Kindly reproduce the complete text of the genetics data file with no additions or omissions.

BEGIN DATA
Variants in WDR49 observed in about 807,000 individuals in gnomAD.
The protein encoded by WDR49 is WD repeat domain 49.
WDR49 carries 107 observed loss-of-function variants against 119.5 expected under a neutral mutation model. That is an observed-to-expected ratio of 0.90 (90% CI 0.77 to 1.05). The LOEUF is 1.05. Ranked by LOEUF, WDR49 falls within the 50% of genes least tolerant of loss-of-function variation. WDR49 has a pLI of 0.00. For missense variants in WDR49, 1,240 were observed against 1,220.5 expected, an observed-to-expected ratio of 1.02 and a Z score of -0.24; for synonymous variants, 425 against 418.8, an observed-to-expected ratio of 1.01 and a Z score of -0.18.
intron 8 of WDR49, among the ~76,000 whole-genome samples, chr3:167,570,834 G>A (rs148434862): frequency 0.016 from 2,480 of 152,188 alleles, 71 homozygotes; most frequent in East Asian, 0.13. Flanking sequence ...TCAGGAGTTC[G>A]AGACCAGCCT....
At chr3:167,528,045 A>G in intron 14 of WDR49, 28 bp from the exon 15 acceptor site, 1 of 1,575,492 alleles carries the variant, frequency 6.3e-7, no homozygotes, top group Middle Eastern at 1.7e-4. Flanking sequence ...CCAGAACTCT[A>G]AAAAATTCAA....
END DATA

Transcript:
Variants in WDR49 observed in about 807,000 individuals in gnomAD.
The protein encoded by WDR49 is WD repeat domain 49.
WDR49 carries 107 observed loss-of-function variants against 119.5 expected under a neutral mutation model. That is an observed-to-expected ratio of 0.90 (90% CI 0.77 to 1.05). The LOEUF is 1.05. Ranked by LOEUF, WDR49 falls within the 50% of genes least tolerant of loss-of-function variation. WDR49 has a pLI of 0.00. For missense variants in WDR49, 1,240 were observed against 1,220.5 expected, an observed-to-expected ratio of 1.02 and a Z score of -0.24; for synonymous variants, 425 against 418.8, an observed-to-expected ratio of 1.01 and a Z score of -0.18.
intron 8 of WDR49, among the ~76,000 whole-genome samples, chr3:167,570,834 G>A (rs148434862): frequency 0.016 from 2,480 of 152,188 alleles, 71 homozygotes; most frequent in East Asian, 0.13. Flanking sequence ...TCAGGAGTTC[G>A]AGACCAGCCT....
At chr3:167,528,045 A>G in intron 14 of WDR49, 28 bp from the exon 15 acceptor site, 1 of 1,575,492 alleles carries the variant, frequency 6.3e-7, no homozygotes, top group Middle Eastern at 1.7e-4. Flanking sequence ...CCAGAACTCT[A>G]AAAAATTCAA....